I know that he'll tip toe up to my room bright and early again tomorrow, with an agenda that does not match my own, but I want to practicing clearing space for his plans even if they clash with my own, to live by the pretend clock on his arm, to paint and do patterings and refold socks, to remember how lucky I am to follow his lead.


checking the knots

One of the things about nurturing a child is that you're forever tethered to a surprise ending.

Tucker volunteered to accompany me to the grocery store this morning, pushing the cart and cheerfully gathering items on the list. We chatted about choosing cucumbers and the Scoville scale for peppers.

After we put away food we took a walk together, bundled up and heading along a path neither of us have taken before.
He told me about the fish prints they're making in art class, with octopus ink and paint.
He talked about spiders in Terraria and we found an icicle arrangement along the river bank that looked like a chandelier.

I listened all day, mindfully committed, impressively present. Tying one end of my time to his heart, checking the knots.




I'll stop the world

and melt with you.


one out of two

On our way to church this morning, for the African drumming workshop, my goal was twofold:
1. Give the boys another example of the way human beings are linked, not ranked.
2. Let the boys be really loud somewhere else, so maybe they'd be a little less loud at home.


over achievement

I did not get very much done this week.

We've been working (for years) on being selectively busy, measuring our time by how much we enjoy the things we're doing instead of how many things we can fit in, trying to help the boys learn to focus on contentment over achievement. Or maybe they've been teaching us?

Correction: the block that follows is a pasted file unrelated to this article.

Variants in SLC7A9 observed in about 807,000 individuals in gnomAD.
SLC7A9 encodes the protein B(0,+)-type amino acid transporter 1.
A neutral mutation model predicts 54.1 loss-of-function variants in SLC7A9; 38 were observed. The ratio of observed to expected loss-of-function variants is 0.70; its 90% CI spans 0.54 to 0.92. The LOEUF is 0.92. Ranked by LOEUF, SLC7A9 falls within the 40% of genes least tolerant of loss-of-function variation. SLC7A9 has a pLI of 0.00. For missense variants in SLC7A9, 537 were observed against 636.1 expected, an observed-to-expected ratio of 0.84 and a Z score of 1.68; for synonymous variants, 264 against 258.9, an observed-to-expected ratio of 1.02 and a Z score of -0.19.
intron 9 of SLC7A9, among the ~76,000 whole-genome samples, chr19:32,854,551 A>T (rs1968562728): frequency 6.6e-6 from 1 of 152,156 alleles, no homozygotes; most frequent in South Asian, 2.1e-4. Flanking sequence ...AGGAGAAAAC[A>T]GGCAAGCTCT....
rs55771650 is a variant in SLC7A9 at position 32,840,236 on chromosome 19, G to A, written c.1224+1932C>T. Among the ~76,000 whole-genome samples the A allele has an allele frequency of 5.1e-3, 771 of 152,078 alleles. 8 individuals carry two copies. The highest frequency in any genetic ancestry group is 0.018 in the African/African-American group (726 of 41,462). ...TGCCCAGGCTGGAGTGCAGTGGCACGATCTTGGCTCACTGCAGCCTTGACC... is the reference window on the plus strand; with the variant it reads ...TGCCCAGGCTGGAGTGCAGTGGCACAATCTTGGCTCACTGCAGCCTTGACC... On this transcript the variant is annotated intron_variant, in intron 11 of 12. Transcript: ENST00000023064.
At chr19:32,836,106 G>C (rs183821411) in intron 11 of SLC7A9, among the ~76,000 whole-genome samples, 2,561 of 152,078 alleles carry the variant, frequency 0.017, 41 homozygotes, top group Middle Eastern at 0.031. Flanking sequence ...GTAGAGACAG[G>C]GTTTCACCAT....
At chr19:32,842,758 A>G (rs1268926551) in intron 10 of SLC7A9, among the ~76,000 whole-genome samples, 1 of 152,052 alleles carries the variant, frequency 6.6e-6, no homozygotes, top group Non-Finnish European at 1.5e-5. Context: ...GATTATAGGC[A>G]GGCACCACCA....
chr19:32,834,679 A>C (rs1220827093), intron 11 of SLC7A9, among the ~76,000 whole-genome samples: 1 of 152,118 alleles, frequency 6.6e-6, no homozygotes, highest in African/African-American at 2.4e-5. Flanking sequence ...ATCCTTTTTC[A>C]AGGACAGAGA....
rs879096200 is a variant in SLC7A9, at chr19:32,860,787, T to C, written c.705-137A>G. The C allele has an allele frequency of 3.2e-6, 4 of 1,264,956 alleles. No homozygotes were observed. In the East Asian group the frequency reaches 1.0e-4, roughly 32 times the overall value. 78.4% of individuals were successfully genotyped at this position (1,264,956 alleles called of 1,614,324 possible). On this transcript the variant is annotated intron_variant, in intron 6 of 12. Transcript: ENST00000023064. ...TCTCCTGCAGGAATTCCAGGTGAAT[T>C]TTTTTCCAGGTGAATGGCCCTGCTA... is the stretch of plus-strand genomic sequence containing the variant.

But sometimes I forget, get distracted by all the things I'm not doing and forget the things I've done.

Today I took a walk with a friend, and enjoyed the accompanying conversation despite the drizzle.
Today I helped craft a Valentine box, a pink pixelated pig.
Today I comforted a sick child, and cleaned up a few related messes.
Today I picked up new library books and later read a few Caldecotts snuggled on the couch.
Today I collected some groceries, primarily gingerale and saltines, but still.
Today I pretended with finger puppets and played zoo with plastic animals, gave bedtime back rubs and put away freshly laundered pajamas.

The boys do not worry much about what they've accomplished, about whether they're doing enough. They are professionals at calling attention to things that may not seem remarkable, at not being discouraged by things left undone, at making ta-da lists, if you will.
I'm trying to follow their lead.


on getting older

Parenting is not for the faint-hearted.
On his birthday, a rare day off to do nothing, Andy walked the neighborhood kids to school, navigating frozen sidewalks and falling downs. He scrubbed sick-kid mess from bathroom grout, folded laundry and called for a roof inspector to evaluate yet another leak.
He laughed about it all, shrugging off the invisible incline he'd been climbing, a true testament to his increduibly cheerful spirit, and to our luck in a having him around.
The boys and I did make him a birthday cake with bourbon glaze, so the day had some redeeming parts, just like getting older might too.


faint edges

The boys ended up home from school for five days, long enough for doing nothing to feel like an actual activity. They passed around a nasty but short-lived virus, yet remained mostly busy and mostly happy, switching sleeping arrangements, participating in a baseball clinic and playing in the snow once the temperature rose a bit. They watched several movies and part of the SuperBowl, baked Oreo truffles and bourbon cake, built a Lego marble run and readied letters to brighten a few mail boxes. They helped with chores and badgered Siri and embarked on epic laundry basket fishing expeditions. They also read approximately eighty seven books to Hank, and I let myself believe that I could see the faint edges of future friendships.